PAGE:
There are a few questions, e.g. this and this that I feel are getting downvotes for no reasons beside requiring a real expertise to answer them. They may not be phrased perfectly, probably because coming from new users, (yet there are tons of users eager to fix even the slightest error in other peoples` post, so that should be no problem) but to someone with the right knowledge they look absolutely reasonable and answerable. So WHY downvote them?
The questions you're pointing two have one downvote each. I downvoted one of them. I didn't see the other until following your link, but I think in both cases the existing comments captured the problems with the questions. In your first example, the question is based on a false premise: "why don't we have x" - we do have x. I can imagine a good answer to that question, giving a brief overview of helicopter auto-pilots, but I don't think the question is useful or interesting.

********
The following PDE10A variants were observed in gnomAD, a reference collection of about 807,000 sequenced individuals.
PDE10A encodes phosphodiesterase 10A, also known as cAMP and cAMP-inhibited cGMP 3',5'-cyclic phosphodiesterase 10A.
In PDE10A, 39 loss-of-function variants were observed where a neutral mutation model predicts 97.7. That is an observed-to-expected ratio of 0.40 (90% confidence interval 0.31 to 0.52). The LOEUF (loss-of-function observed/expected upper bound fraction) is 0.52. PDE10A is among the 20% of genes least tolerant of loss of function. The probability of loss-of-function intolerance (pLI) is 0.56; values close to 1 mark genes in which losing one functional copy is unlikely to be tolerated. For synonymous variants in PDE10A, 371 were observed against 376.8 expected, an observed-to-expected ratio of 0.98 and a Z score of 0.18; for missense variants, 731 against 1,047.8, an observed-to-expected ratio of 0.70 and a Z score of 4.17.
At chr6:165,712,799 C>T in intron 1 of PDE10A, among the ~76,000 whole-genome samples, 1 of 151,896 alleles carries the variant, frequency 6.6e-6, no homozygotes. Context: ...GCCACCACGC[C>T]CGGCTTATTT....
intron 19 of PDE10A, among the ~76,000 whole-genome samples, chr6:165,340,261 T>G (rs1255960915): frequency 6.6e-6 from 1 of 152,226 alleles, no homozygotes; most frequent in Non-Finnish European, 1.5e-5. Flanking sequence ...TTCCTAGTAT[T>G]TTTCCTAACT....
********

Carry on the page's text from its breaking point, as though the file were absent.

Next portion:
In the second example, the question doesn't explain what's missing from the questioner's understanding. Are they asking for the physical principles of IR fire detection, or how the detector interfaces with other avionics systems? It's really not possible to write a good answer without knowing that.
I don't think either question needs much domain expertise to answer. I don't think the problem is with the phrasing in either case: it's with the preparation that went into the questions, or lack thereof.
In your second question, I did not down-vote but I did vote to close. My reason is that the question (at the time I saw it) was not related to aviation; it might be better on Engineering.SE or similar.
The question also lacks focus (analogy: "Explain how a compiler work?"). The scope of an answer can scale from a few paragraphs to an entire chapter in a book. From these perspectives, I can understand why it was down-voted.
My advise is not to take down-votes too personally; rather take them as a signal that something can be improved. This community is pretty helpful and usually someone will pass by and try to edit a question to improve it, but not everyone does that.